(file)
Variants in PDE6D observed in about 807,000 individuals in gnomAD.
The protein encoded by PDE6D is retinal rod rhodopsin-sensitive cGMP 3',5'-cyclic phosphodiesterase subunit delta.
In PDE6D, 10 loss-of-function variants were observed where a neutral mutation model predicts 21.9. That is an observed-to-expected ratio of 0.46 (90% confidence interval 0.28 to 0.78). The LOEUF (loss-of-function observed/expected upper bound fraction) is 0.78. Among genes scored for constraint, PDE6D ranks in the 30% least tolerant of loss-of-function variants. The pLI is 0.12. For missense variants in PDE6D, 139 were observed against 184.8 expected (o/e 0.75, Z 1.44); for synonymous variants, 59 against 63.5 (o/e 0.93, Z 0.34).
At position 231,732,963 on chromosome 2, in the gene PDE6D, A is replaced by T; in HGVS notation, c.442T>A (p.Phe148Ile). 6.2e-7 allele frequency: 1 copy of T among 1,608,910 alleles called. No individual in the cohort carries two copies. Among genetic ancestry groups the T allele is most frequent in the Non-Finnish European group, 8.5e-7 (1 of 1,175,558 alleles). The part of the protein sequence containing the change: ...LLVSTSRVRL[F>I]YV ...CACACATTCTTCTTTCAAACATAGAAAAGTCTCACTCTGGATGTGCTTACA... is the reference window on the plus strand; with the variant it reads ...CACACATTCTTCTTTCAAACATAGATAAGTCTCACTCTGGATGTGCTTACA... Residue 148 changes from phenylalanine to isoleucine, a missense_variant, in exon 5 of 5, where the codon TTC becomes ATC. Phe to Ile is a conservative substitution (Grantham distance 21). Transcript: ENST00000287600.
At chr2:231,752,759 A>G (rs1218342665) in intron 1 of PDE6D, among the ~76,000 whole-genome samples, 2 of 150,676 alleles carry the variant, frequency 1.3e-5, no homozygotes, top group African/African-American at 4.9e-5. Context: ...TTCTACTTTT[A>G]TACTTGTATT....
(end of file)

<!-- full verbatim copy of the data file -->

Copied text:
Variants in PDE6D observed in about 807,000 individuals in gnomAD.
The protein encoded by PDE6D is retinal rod rhodopsin-sensitive cGMP 3',5'-cyclic phosphodiesterase subunit delta.
In PDE6D, 10 loss-of-function variants were observed where a neutral mutation model predicts 21.9. That is an observed-to-expected ratio of 0.46 (90% confidence interval 0.28 to 0.78). The LOEUF (loss-of-function observed/expected upper bound fraction) is 0.78. Among genes scored for constraint, PDE6D ranks in the 30% least tolerant of loss-of-function variants. The pLI is 0.12. For missense variants in PDE6D, 139 were observed against 184.8 expected (o/e 0.75, Z 1.44); for synonymous variants, 59 against 63.5 (o/e 0.93, Z 0.34).
At position 231,732,963 on chromosome 2, in the gene PDE6D, A is replaced by T; in HGVS notation, c.442T>A (p.Phe148Ile). 6.2e-7 allele frequency: 1 copy of T among 1,608,910 alleles called. No individual in the cohort carries two copies. Among genetic ancestry groups the T allele is most frequent in the Non-Finnish European group, 8.5e-7 (1 of 1,175,558 alleles). The part of the protein sequence containing the change: ...LLVSTSRVRL[F>I]YV ...CACACATTCTTCTTTCAAACATAGAAAAGTCTCACTCTGGATGTGCTTACA... is the reference window on the plus strand; with the variant it reads ...CACACATTCTTCTTTCAAACATAGATAAGTCTCACTCTGGATGTGCTTACA... Residue 148 changes from phenylalanine to isoleucine, a missense_variant, in exon 5 of 5, where the codon TTC becomes ATC. Phe to Ile is a conservative substitution (Grantham distance 21). Transcript: ENST00000287600.
At chr2:231,752,759 A>G (rs1218342665) in intron 1 of PDE6D, among the ~76,000 whole-genome samples, 2 of 150,676 alleles carry the variant, frequency 1.3e-5, no homozygotes, top group African/African-American at 4.9e-5. Context: ...TTCTACTTTT[A>G]TACTTGTATT....